Four more nurse scholars have completed their doctorates with funding from the New Jersey Nursing Initiative of the Robert Wood Johnson Foundation, which aims to increase the ranks of nursing school faculty to train the next generation of nurses.
Since it launched in 2009, the NJNI has supported 51 New Jersey nursing scholars whose master’s or doctoral degrees qualify them for nurse faculty positions. NJNI’s final group of scholars, 10 nursing doctoral candidates, continues in its programs.
“We’re proud to help fuel the pipeline of nurse faculty needed to educate the next generation of nurses,” said NJNI Program co-Director Susan W. Salmond.
The initiative was launched to address the projected shortage of nurses in New Jersey, where a large number of nurses are nearing retirement age.
“NJNI’s focus on the state’s nurse faculty shortage has helped us better understand where to go next,” said NJNI Program co-Director Aline Holmes. “Now we’re encouraging the state’s nursing programs to teach the relevant skills that will help students succeed in meeting emerging health care needs.”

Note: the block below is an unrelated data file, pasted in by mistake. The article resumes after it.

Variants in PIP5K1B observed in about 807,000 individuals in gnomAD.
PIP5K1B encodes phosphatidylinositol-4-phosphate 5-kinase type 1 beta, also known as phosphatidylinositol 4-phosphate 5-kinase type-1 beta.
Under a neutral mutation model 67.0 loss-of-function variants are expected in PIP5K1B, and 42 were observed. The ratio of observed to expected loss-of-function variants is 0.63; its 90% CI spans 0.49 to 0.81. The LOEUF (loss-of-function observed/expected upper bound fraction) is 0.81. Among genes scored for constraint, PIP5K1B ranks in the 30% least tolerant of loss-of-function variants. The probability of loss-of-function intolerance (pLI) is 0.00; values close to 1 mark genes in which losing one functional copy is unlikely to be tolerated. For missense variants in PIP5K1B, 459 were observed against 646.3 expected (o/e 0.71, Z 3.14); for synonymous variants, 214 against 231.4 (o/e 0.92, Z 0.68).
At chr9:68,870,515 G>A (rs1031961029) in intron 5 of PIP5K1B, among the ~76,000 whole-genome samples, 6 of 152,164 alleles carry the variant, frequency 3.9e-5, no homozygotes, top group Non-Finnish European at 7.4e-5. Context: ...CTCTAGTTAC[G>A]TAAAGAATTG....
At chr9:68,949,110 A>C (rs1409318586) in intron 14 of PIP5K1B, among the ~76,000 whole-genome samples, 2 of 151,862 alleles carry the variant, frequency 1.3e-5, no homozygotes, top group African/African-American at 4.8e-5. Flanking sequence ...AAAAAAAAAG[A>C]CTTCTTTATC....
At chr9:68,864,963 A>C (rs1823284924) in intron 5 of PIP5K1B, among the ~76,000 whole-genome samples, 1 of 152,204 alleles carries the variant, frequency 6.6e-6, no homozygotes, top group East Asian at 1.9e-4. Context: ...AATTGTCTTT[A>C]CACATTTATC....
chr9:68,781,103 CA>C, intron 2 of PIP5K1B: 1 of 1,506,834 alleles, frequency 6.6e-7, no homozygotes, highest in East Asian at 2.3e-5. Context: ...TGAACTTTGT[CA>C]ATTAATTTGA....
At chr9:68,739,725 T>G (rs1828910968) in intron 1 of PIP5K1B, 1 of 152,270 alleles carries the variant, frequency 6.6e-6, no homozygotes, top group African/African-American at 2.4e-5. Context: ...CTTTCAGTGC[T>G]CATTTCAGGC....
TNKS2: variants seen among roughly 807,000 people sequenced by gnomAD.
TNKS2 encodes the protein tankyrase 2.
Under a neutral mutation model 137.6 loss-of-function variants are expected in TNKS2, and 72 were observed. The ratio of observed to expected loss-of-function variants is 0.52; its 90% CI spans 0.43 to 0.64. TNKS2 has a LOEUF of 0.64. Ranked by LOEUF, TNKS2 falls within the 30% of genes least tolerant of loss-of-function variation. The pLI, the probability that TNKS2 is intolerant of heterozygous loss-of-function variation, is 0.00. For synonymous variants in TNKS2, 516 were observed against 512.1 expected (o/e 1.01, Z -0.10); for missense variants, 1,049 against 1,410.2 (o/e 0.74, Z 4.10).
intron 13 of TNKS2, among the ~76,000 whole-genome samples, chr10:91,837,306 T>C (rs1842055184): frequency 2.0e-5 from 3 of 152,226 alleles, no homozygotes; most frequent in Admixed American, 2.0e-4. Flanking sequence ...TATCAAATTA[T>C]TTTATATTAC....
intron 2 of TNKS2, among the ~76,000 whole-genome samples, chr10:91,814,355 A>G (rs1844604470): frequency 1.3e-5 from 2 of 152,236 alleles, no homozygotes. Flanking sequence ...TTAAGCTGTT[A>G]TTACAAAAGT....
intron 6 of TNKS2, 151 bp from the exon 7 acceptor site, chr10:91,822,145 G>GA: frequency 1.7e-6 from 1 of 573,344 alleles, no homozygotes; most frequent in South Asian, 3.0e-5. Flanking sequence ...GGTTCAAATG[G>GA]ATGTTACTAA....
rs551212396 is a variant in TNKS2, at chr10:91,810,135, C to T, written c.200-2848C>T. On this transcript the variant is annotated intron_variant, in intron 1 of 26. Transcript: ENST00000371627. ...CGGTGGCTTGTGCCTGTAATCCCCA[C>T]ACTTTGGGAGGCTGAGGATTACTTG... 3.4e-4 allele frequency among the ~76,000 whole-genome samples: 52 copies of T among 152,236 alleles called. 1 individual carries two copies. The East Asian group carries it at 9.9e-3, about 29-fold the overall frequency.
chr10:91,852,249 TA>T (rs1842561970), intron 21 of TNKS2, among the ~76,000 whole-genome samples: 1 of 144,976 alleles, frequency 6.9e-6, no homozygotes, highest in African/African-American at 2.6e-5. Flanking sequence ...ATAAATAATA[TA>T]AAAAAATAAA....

Three of NJNI’s New Jersey Nursing Scholars completed doctorates at the Rutgers School of Nursing: Shanda Johnson ofScotch Plains, Aleesa M. Mobley of Williamstown and Catherine Jirak Monetti of Mountain Lakes. Jenee Skinner-Hamlercompleted her master’s degree at Rutgers and received funding from NJNI to complete her doctor of nursing practice degree at Wilkes University in Wilkes-Barre, Pa.
Mobley, a nursing doctoral graduate who holds an adjunct faculty position at Rowan University and is pursuing a full-time tenure-track position there, said that NJNI “encouraged and enhanced better teaching skills. I plan on giving my professional best in return.”
Johnson, a family nurse practitioner who plans to teach part time this fall, said: “I’d like to eventually serve as a dean or in a similar leadership role. It’s important to have nurses in those positions.”
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